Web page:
Theology The U.S. Supreme Court’s decision in Employment Division v. Smith is a dangerous precedent in the state’s attitude toward religious practice. In denying the defendants their unemployment benefits by virtue of their ceremonial ingestion of peyote, they emaciate the value of religious freedom, strictly confining it to the private sphere. (Thomas Powers)
- Thesis Formulation (Printable)
- Stasis Questions (Printable)
- Purdue's Guide to Thesis Statements
- UNC-Chapel Hill Intro to Library Research Consists of a series of self-paced instructional modules designed to introduce students to important research concepts and to guide them in the use of the UNC Libraries.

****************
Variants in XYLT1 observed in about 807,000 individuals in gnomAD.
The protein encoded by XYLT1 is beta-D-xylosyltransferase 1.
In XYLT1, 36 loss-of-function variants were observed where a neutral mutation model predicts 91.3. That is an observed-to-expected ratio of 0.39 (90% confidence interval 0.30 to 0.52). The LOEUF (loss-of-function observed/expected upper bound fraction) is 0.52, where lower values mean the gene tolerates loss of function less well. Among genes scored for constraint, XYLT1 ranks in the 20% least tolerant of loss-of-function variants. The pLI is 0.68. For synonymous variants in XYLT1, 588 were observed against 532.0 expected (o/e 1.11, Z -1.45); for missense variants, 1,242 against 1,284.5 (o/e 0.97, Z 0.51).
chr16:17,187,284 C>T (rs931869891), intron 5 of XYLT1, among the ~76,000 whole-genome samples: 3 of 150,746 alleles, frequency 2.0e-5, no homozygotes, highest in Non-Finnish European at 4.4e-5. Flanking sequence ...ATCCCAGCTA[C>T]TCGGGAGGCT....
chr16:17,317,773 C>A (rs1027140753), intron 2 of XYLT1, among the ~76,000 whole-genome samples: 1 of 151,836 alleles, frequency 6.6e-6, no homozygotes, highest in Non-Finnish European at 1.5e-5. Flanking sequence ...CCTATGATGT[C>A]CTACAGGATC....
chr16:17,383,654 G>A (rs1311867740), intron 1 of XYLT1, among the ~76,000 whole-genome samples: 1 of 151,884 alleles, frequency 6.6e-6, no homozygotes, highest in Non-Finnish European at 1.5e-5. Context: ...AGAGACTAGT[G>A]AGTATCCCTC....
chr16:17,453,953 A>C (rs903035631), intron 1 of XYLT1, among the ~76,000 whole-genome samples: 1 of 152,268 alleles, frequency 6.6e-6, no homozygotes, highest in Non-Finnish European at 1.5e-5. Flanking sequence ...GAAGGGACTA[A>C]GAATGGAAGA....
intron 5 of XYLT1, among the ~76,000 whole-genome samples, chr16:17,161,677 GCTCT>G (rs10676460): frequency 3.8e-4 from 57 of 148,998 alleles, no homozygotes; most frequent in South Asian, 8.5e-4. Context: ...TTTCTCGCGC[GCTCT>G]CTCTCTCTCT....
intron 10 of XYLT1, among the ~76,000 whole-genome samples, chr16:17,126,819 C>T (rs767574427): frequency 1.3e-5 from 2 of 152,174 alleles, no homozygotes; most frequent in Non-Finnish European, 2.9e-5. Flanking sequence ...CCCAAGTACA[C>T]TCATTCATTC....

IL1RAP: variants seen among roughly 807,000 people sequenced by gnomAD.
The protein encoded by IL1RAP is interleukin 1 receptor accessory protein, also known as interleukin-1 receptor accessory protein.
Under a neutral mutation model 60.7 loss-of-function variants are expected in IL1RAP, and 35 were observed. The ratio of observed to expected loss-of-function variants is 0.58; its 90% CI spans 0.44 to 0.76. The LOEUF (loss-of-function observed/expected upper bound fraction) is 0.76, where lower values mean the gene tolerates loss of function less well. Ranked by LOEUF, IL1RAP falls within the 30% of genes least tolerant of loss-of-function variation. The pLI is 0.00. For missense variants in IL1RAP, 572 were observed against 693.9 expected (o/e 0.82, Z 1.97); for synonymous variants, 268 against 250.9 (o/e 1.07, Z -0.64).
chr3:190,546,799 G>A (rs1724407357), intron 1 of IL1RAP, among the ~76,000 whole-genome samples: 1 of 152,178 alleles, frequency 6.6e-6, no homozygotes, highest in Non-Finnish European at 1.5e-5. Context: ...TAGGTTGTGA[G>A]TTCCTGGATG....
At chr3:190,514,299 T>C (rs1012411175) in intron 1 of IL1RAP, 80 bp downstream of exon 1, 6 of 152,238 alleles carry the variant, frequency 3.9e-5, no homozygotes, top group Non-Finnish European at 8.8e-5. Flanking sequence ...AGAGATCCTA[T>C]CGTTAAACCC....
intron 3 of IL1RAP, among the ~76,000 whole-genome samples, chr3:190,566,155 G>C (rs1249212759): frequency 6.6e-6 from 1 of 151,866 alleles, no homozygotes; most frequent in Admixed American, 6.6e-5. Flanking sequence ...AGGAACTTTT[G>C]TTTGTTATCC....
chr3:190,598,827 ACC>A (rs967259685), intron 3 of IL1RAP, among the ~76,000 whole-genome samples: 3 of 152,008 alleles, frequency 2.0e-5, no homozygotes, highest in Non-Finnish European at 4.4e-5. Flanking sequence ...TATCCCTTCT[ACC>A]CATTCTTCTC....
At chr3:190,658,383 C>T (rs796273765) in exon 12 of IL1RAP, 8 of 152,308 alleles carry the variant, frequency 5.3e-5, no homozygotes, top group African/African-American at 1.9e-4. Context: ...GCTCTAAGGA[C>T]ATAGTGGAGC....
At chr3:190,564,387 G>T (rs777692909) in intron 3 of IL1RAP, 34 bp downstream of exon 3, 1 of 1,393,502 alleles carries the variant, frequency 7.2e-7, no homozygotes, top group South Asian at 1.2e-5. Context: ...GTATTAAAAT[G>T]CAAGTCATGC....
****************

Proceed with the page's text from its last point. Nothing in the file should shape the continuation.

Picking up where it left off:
After reading the above information on outlining, attempt the writing activity below for further practice.
- Writing Activity: Formulating a Thesis
- Thesis Formulation Writing Activity Answers
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How to Write an Effective Thesis Statement
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Jonathan Wlodarski is pursuing a Ph.D. in English and teaches introductory-level English courses.
What Is a Thesis Statement?
A thesis statement is typically one sentence that appears in the first paragraph of an essay that captures the essay's purpose. Think of the thesis statement as a one-sentence summary that tells the reader exactly what an essay says.